Constipation is defined as a combination of changes in the frequency, size, consistency, and ease of stool passage, which leads to an overall decrease in volume of bowel movements.
Constipation can be caused by: electrolyte imbalances (hypercalcemia, hypokalemia); hormonal abnormalities (Hypothyroidism, Diabetes); Congenital impediments (aganglionic megacolon - Hirschsprung's disease; or excessively elongate, edundant, capacious bowel - dolichocolon); Congenital or acquired neuromuscular bowel impairment ("pseudo-obstruction"); Concomitant illness, injury, or debility; Mechanical bowel impediment (obstruction or ileus, due to any cause); Inadequate fluid intake; Sideeffect of drugs (e.g., anticholinergic agents, opiates); Chronic abuse of laxatives or cathartics; Psychiatric, cultural, emotional, environmental factors; and Painful fecal evacuation from anal disease (e.g., fissures).
Risk factors include: extremes of life (very young and very old); neurosis; polypharmacy; and a sedentary life style or condition.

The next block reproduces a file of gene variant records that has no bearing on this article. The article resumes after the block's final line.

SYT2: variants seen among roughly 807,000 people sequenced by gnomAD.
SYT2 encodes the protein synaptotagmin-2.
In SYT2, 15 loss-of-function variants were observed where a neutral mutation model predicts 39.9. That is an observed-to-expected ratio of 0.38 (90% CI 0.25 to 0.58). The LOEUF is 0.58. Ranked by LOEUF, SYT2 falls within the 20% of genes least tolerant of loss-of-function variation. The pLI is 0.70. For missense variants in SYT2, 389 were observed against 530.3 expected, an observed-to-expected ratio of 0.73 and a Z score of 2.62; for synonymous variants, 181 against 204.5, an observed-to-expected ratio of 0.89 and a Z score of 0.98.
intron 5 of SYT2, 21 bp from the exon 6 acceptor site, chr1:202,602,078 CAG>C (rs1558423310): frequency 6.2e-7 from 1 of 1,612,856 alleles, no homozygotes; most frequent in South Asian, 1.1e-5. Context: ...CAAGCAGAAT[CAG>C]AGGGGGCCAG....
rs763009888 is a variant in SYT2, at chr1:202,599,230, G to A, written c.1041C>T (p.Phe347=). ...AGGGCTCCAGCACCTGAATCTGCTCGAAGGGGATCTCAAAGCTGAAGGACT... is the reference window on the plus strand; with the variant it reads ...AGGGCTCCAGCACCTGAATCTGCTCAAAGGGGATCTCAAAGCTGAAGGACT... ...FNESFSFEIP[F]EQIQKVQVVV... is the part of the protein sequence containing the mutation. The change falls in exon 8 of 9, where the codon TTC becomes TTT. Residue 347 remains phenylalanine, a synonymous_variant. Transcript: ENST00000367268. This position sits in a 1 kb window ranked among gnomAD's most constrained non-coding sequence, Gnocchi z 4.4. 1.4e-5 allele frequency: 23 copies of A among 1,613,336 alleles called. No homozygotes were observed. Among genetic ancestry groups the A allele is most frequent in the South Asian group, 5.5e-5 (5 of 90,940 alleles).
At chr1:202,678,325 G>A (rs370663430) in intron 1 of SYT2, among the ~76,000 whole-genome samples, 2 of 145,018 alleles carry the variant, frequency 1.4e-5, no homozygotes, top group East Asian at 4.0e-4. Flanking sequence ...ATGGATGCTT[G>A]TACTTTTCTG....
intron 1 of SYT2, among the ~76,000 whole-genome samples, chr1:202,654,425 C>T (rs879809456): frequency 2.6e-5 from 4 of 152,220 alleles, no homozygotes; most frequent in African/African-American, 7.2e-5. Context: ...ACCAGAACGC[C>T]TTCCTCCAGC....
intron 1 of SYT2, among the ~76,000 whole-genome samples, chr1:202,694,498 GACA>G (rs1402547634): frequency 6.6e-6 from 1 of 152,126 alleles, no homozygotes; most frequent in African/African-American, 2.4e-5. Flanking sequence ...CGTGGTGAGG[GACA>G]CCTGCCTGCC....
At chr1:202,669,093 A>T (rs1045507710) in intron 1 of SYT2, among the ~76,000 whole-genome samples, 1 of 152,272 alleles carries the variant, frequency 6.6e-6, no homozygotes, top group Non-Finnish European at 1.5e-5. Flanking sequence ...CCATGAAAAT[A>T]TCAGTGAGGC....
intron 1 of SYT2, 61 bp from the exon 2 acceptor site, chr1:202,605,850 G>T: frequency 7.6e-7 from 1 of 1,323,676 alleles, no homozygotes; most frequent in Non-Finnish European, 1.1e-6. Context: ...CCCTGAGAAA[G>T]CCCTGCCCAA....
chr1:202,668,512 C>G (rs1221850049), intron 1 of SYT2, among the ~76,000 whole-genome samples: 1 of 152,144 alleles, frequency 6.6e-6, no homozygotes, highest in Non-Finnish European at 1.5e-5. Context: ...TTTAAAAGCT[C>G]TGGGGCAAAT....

Conventional labs are only necessary when other disorders are being considered, and include a CBC (to detect anemia which may indicate colorectal neoplasm); Thyroid function studies; Electrolytes, glucose, and calcium.
A digital rectal exam can rule out a rectal mass, check for blood in the stool, and define stool consistency.
Imaging studies include a plain (KUB) film of the abdomen and a barium enema or barium swallow with small bowel follow through looking for anatomical defects (mass lesions, ileus). Cineradiography of passage of barium, instilled in, then expelled from the rectosigmoid segment ("defecography"), may help define evacuation disorders in selected cases. Sigmoidoscopy or colonoscopy is seldom required, unless needed to define an abnormality discovered by barium enema or when there is evidence of iron deficiency anemia or blood in the stool.
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